I just want to share something I stumbled upon; I always put in double
outlets when we do a room over in our old house, but have had problems
with getting the wires that connect the 2 together the right length to
not have problems installing the face plate. In an inspired action the
other day, I assembled the sockets in the double switch plate and
wired them there. When removed them from the switch plate & put them
in the box, it went as easy as pie. I didn't have to fight or lever at
all, and the switch plate dropped right on. I just though I'd share,
maybe everyone else has been doing that right along, but it was a
revelation to me.
I'm not sure I understand you. Are you saying that you previously had
difficuty connecting one of the two duplex outlets to the other? If so, I
am minorly sad to inform you that there is no need to connect them as they
*come* connected (unless you have broken off the tabs that do so).
It would seem what he's talking about is putting two duplex outlets
into a box. Not sure I see the big issue here either though. You
just leave the two outlets slightly loose in the box so they can move
just a bit, then align them to the cover plate as you put it on.
On Dec 1, 8:26 am, email@example.com wrote:
There is an element I hadn't seen necessary to mention, I use 12 ga
wire exclusively and in short runs like that it is very stiff. I have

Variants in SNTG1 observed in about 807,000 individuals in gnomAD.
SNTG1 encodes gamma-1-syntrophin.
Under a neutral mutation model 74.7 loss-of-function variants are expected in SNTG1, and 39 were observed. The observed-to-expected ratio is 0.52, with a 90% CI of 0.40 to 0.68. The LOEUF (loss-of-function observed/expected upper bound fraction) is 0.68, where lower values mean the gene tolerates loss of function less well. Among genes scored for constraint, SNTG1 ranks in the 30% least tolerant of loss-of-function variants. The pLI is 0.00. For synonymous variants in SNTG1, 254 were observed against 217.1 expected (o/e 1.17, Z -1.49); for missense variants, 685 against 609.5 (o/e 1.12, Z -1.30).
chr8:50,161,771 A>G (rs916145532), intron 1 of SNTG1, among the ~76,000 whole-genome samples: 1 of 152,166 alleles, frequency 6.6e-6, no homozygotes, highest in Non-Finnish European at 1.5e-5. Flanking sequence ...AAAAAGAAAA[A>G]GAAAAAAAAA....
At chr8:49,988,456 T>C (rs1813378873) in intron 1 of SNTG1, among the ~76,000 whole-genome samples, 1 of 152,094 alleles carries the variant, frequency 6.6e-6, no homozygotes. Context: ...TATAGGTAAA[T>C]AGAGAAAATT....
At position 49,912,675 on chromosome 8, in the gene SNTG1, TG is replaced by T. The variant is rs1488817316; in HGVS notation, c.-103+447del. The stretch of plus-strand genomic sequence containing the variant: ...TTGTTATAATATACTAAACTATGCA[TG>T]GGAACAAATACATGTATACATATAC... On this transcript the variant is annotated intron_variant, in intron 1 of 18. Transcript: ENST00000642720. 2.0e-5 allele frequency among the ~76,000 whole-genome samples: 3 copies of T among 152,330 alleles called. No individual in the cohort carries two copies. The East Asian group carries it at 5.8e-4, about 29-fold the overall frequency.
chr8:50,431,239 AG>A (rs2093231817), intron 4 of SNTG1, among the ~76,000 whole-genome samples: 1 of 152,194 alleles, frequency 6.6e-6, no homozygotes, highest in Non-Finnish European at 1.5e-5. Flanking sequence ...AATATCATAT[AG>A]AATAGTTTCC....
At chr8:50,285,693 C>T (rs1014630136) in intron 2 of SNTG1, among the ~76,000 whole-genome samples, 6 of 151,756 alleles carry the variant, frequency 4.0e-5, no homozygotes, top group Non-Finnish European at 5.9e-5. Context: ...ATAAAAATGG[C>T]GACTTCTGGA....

had success in the past making the connecting wires V shaped which
gave them a little give, but this is definitely superior, it is like
installing a sub assembly.
Ah, I see...two 2-receptacle devices. I think that's a great idea, don't
ever recall seeing such. And a cursory Google search doesn't turn up any
ready made ones (hooked together so only one has to be wired) which rather
surprises me as I'd think *some* manufacturer would have had a similar
And I agree about 12 gauge wire, a real PITA.
The idea of attaching two devices to a cover plate and wiring them there
only is practical only if you use back-stab connectors, generally a
frowned-upon shortcut and only possible with 14 gauge wire.
For added long-term reliability the two devices should be wired with one
unbroken length of wire. This requires sufficient wire length outside
the box when the wire is first run. Strip away enough wire to loop
around the terminals of the first device about 6 inches from the end of
the wire, then strip away from the end of the copper for the second
device. Wire both devices before placing them in the box; you can use
the cover plate to shape the wires for the proper distance between the
I disagree, the 4 hard wire posts allow for secure attachment of the
connecting wires, with 4 spots let over for hard wiring / expansion,
The sloppy nature of doing it all in position would not be more
reliable than the sub assembly securely wired in with nicely looped
wires. I don't back stab, that is just asking for it. There are 8
screws between the 2 outlets, only 4 are needed to complete the sub
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